VANCOUVER (Reuters) – Huawei Technologies Chief Financial Officer Meng Wanzhou and her legal team arrived on Tuesday at a Canadian court, where her lawyers are expected to wrap up their argument seeking to add a new charge in their effort to stop her extradition to the United States.
The defence will finish their arguments on Tuesday morning, before handing the floor over to prosecutors representing the Canadian government.
Meng arrived at the British Columbia Supreme Court, wearing a plum purple dress with her hair down and sat in a booth next to her translator. The hearings are the latest in her extradition case, which is expected to run until April 2021.
On Monday, Meng’s lawyers argued for the addition of another allegation in the abuse of power by Canadian and U.S. authorities during her arrest.
Meng, 48, was arrested in December 2018 on a warrant from the United States charging her with bank fraud for misleading HSBC HSBA.L about Huawei’s business dealings in Iran and causing the bank to break U.S. sanctions law.
The daughter of billionaire Huawei founder Ren Zhengfei, Meng has said she is innocent and is fighting extradition from her house arrest in Vancouver.
The hearings – which are scheduled for five days but could wrap up by Wednesday – are referred to as Vukelich hearings, meaning the judge must decide whether the defence’s latest allegation is plausible enough to be worth fully litigating.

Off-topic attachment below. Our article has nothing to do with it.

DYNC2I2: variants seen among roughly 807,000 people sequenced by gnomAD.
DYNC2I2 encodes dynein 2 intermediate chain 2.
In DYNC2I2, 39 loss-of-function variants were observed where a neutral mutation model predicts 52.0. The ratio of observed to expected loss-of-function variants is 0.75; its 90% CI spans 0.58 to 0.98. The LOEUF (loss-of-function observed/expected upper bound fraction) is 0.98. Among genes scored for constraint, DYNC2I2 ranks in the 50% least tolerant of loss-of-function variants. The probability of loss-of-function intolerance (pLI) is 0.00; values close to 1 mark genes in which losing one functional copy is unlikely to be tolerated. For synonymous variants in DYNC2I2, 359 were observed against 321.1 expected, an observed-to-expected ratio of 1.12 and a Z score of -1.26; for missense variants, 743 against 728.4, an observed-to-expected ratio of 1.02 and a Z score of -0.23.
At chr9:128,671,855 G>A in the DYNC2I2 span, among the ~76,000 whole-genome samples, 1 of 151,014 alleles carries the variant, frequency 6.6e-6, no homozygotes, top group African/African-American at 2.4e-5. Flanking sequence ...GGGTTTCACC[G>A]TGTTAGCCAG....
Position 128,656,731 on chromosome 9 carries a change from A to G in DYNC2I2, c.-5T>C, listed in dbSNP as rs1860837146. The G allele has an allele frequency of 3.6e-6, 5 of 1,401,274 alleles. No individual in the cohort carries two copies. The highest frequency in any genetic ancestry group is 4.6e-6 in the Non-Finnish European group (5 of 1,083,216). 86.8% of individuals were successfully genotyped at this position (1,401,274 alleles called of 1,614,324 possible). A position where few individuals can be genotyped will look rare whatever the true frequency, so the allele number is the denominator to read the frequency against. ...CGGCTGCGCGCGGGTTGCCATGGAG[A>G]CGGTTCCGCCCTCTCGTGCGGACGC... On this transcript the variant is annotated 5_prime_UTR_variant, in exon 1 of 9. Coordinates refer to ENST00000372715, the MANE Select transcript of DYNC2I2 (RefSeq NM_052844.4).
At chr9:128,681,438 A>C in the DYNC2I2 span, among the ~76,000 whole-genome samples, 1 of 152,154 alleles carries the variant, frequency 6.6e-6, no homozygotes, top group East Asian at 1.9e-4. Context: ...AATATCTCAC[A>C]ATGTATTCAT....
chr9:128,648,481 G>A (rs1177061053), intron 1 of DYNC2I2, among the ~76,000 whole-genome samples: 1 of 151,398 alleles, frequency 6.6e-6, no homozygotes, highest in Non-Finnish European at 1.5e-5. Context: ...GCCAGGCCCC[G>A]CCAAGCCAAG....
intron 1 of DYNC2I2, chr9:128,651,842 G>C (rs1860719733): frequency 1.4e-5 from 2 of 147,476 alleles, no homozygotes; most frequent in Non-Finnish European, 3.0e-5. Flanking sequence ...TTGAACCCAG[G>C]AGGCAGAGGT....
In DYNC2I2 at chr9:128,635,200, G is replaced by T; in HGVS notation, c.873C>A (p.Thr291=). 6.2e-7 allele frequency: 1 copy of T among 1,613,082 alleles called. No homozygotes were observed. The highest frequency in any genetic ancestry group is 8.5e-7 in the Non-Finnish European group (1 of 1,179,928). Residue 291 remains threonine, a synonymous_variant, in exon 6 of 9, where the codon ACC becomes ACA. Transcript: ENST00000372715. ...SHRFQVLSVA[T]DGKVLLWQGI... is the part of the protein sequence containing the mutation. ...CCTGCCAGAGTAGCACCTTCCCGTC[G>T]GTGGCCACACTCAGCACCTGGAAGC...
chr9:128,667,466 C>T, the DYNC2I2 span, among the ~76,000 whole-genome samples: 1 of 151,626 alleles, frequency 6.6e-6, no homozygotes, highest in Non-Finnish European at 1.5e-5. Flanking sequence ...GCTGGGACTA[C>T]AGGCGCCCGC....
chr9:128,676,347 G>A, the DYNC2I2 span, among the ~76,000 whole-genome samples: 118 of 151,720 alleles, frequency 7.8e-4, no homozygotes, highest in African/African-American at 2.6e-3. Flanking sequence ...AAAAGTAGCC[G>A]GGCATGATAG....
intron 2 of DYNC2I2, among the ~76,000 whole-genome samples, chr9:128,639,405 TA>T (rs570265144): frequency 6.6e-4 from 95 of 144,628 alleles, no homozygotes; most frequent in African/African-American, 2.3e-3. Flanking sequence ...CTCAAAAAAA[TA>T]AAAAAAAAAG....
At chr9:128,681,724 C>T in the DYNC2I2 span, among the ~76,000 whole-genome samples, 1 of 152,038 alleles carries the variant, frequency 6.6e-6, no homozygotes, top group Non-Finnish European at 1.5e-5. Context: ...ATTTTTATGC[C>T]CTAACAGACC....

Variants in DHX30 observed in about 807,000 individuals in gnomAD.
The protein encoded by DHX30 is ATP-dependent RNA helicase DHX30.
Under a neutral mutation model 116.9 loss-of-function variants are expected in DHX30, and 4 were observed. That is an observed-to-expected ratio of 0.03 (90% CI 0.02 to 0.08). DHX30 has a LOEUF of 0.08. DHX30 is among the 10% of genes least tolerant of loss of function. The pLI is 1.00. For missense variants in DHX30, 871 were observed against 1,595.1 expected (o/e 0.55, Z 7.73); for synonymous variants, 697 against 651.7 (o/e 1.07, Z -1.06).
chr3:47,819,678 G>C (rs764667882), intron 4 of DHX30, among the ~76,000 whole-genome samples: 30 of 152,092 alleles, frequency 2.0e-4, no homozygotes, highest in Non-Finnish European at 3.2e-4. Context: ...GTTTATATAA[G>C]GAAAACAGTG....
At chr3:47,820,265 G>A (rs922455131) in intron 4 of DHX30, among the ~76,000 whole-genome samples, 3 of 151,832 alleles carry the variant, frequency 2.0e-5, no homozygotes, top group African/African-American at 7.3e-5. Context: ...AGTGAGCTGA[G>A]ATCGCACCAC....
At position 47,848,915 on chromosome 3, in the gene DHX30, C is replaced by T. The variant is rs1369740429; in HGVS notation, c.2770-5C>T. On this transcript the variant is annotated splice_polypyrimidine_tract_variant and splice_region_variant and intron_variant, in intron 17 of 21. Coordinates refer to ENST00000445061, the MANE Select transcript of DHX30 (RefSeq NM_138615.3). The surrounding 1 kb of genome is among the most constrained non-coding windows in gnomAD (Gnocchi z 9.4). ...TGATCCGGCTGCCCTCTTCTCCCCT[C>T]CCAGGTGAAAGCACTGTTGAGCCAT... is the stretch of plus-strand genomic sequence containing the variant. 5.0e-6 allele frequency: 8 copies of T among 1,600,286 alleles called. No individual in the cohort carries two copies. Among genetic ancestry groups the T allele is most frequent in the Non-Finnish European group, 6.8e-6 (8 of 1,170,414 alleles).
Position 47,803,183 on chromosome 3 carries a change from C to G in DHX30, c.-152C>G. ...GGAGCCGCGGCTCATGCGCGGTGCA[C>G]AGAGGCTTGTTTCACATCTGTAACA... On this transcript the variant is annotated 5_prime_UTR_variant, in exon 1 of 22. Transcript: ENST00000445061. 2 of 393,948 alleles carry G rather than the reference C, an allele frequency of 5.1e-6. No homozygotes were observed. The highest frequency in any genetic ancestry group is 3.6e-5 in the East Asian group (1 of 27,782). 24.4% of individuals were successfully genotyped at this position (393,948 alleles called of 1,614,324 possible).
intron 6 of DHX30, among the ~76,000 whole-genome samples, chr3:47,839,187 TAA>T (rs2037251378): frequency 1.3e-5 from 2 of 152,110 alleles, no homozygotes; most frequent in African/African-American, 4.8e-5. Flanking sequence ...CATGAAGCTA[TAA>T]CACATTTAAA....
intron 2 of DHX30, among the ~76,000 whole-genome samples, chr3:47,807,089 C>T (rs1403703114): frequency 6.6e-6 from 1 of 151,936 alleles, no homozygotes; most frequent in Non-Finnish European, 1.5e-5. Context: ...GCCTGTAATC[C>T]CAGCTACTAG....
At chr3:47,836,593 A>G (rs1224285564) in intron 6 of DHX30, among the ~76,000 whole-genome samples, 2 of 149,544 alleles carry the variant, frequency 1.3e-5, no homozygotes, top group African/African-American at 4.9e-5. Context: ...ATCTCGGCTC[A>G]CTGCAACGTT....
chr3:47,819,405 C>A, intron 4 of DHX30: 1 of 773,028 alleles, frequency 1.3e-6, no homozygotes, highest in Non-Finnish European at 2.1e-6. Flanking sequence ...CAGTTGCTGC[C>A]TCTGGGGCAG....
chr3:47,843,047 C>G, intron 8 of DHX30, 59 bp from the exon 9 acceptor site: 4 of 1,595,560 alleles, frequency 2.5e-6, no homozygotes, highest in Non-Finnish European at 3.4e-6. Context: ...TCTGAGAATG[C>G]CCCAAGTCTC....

If the judge rules in Meng’s favour, an additional set of hearings will be added to argue the allegation.
Scott Fenton, a lawyer for Meng, argued on Monday that the United States “misdescribed the facts to construct a stronger case of alleged fraud” when it requested that Canada arrest Meng on its behalf in December 2018.
Meng is relying on a PowerPoint presentation she gave to HSBC about Huawei’s business dealings in Iran. The United States has used part of the presentation to prove that she misled the bank, but Meng and her lawyers argue otherwise.
The arrest has strained China’s relations with the United States and Canada. Soon after Meng’s detention, China arrested Canadian citizens Michael Spavor and Michael Kovrig, charging them with espionage.
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